The Appellate Division modified the determination to be made on remittal. Stating that it was adopting the methodology followed in a majority of jurisdictions, the court ruled that the Social Security disability payments to the children should be included in the disabled parent's income under Family Court Act § 413 (1) (b) (5) and then credited against that parent's support obligation. The Court concluded that the Social Security payments to the children could be considered again in determining whether the noncustodial parent's support obligation was unjust or inappropriate. One Justice dissented, concluding that the Child Support Standards Act does not authorize the courts to either increase a noncustodial parent's income by the amount of Social Security disability payments paid to the children or to credit those benefits against the noncustodial parent's support obligation. We find merit in the views advanced in that dissent, and now reverse.
The Appellate Division certified the question to this Court whether it "properly determined that social security benefits of a child should be included in the income of a disabled parent under Family Court Act § 413 and should then be deducted from the resulting child support obligation." Because the Family Court judgment from which leave to appeal to this Court was granted finally determines this proceeding, we do not answer the certified question.
The parties agree that the child support guidelines contained in Family Court Act § 413 do not expressly direct the manner in which Social Security disability payments to dependent children should be treated in calculating a parent's basic child-support obligation. Petitioner argues that because those payments are derived from the disabled noncustodial parent's prior employment efforts, they should be treated as income to that parent and then credited against his support obligation. The alternative proposed by respondent is to treat those payments as resources of the child that may be considered pursuant to Family Court Act § 413 (1) (f) in determining whether the noncustodial parent's basic support obligation should be adjusted because it is "unjust or inappropriate." We conclude that the latter approach fits within the statutory scheme and advances the goals sought to be achieved by the legislation.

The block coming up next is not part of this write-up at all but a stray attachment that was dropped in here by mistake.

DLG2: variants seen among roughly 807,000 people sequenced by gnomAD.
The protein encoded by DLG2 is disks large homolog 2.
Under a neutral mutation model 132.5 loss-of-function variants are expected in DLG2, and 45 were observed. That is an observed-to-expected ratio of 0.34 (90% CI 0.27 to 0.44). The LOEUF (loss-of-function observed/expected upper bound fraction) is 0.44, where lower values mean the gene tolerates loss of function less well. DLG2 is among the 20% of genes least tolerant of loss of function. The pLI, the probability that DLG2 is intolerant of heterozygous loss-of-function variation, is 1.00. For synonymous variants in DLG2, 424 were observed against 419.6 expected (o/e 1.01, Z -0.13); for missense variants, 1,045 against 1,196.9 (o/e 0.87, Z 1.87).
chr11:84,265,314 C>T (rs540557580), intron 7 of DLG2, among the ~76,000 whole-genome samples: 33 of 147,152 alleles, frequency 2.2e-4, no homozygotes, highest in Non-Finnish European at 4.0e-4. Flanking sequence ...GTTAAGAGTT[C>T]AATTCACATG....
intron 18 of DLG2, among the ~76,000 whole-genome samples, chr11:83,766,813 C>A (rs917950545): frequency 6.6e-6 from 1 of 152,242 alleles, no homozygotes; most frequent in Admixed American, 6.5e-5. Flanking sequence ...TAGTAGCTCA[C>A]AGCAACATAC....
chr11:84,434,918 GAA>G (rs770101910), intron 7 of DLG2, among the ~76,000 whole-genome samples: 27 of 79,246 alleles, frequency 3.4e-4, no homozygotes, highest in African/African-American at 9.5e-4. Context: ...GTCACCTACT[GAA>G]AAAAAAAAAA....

Family Court Act § 413 provides the framework for our analysis. The 1989 amendment to section 413, enacted as part of the Child Support Standards Act, was the Legislature's response to the Federal Government's mandate that States establish mandatory guidelines for determining child support awards ( 42 U.S.C. § 654, 655; see also, Matter of Rose v Moody, 83 N.Y.2d 65, 69). The statute sets forth a standardized formula for computing a basic child support obligation that "is based on parental income" (Bill Jacket, L 1989, ch 567, Governor's Approval Mem filed with Assembly Bill 2027-A, at 13, reprinted in 1989 N.Y. Legis Ann, at 248 [emphasis added]). A primary goal of the legislation is to establish equitable support awards that provide a "fair and reasonable sum" for the child's needs within the parents' means (Family Ct Act § 413 [a]; see also, Matter of Cassano v Cassano, 85 N.Y.2d 649, 652).